Monday, October 31, 2011

Breaking Out Of A Big Company

During a recent conversation with a friend working at a large software company, he told me that in the next couple of years he'd like to move on and join a small or medium sized company. During our conversation I was talking with him about how he should start positioning himself to appear as if he's prepared to work for a smaller company, and he didn't quite understand what I meant.

In my experience, people from larger companies aren't conditioned for life at a startup. There are 1000 little things you have to do yourself that are taken care of for you in a larger company. Take a look at this article, for example (though Captain Recruiter doesn't necessarily agree with the tone of the piece). And even if he's ready 100% to go work for a smaller organization, or he's worked at a startup before, I'd be willing to bet that a hiring manager may think it'd be too hard for him to acclimate to startup life again.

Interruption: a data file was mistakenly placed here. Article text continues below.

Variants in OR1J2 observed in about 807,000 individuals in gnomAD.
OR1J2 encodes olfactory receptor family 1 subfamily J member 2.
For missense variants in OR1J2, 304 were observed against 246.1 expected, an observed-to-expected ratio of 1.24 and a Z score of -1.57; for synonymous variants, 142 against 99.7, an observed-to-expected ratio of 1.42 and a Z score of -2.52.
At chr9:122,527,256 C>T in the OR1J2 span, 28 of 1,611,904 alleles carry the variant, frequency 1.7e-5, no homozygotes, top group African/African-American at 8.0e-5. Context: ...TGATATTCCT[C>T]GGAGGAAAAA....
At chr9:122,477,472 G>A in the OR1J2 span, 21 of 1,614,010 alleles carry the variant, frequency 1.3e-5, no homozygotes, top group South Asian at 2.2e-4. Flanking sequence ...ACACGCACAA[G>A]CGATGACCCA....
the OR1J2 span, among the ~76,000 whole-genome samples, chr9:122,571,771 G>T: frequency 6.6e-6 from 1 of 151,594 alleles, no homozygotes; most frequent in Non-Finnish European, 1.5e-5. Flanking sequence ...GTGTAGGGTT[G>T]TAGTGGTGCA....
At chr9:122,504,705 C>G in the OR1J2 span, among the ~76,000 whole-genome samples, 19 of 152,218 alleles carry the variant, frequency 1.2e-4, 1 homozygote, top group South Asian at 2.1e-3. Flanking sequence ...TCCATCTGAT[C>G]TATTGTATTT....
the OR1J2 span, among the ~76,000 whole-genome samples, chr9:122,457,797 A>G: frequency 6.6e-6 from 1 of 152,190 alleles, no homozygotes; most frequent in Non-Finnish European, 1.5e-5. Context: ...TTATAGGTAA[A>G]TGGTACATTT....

In his mind, he's already conditioned to work in smaller company without big company resources. In his job now he's forced to roll up his sleeves and deal with all sorts of things, from corporate shenanigans to deadlines to managing third party relationships. It's not really possible for me to say with certainty whether he's prepped for small company life or not, so when he asks me why I think he might not be ready, I find it hard to give him a good answer. All I can tell him are what red flags a startup might see when they look at his resume.

After realizing that there was no way to conclusively say that he is or isn't prepared for work at a small company, I recommended a different approach. My suggestion was that he call up 3-5 people that might hire someone like him and ask them what they look for in a new employee. He may as well go straight to the source.

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